April 24th

Isaiah 23-27

  • 23:1-18 – This prophecy is against Tyre and Sidon explaining their impending destruction.
  • 24:1-23 – This chapter ends the prophecies against various cities and begins an apocalyptic section.
  • 25:1-12—This is praising God for deliverance from oppression. What’s interesting is that this was written down over a century before the Exile in Babylon. Isaiah is praising God for delivering the people from oppression before the oppression has even begun
  • 26:1-21—Again, this is Isaiah speaking about events far, far in the future. This time it’s Judah’s eventual triumph over their enemies
  • 27:1-12—Now he’s speaking about the return from Exile- again, this is over a century before the exile even begins. So, while Isaiah is telling Israel that God is going to judge them harshly, he’s also telling them that God will still redeem them in the end- this theme of judgement and hope runs throughout the book of Isaiah.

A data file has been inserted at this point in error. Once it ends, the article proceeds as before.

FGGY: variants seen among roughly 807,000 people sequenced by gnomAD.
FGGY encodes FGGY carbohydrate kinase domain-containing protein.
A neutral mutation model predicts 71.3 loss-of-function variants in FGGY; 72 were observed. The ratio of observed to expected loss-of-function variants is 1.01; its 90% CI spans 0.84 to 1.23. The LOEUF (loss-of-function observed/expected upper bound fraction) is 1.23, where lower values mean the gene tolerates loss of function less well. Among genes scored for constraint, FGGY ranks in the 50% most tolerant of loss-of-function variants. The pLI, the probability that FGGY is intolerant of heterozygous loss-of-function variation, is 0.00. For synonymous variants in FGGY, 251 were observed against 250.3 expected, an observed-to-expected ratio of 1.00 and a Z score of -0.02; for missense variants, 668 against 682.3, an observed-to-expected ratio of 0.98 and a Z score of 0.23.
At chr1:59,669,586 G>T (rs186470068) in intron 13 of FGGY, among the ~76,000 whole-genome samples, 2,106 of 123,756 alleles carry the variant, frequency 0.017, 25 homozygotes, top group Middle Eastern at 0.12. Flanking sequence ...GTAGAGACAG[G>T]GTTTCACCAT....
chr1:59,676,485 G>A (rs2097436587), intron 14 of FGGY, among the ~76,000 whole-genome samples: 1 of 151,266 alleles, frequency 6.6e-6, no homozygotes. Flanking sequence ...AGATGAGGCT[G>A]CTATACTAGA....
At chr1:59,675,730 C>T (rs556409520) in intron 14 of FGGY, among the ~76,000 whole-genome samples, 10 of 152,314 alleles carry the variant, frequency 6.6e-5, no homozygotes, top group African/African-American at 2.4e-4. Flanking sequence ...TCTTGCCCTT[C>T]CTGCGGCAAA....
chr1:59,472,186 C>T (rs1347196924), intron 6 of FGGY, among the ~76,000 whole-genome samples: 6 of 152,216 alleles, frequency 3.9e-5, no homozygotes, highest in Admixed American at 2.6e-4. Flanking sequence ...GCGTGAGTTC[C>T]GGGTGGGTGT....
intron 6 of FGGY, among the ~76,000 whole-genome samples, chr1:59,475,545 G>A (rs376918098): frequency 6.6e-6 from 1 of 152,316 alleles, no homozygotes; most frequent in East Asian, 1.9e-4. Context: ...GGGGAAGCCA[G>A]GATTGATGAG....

What to expect this week

We’re powering through Isaiah!

I know this book is long and it’s difficult to read and understand. It’s full of long, poetic prophecies of judgment and hope that are beautiful in small doses, but we have trouble focusing and comprehending the written word when it’s not written in the form of a story, and that’s what makes the prophetic books so difficult.

That said, Isaiah is one of the richest and most important books in the Bible; a huge amount of our theology is based largely on Isaiah and many of the texts that prove that Jesus was who he said he was, and that tell of us about the Second Coming of Christ, are found in Isaiah.

Because Isaiah is so important, we want to help you read it as much as we can. This Wednesday’s (4/25) Bible study is all about Isaiah, and I’ll be preaching on Isaiah on Sunday (4/29). See y’all on Sunday!

April 23rd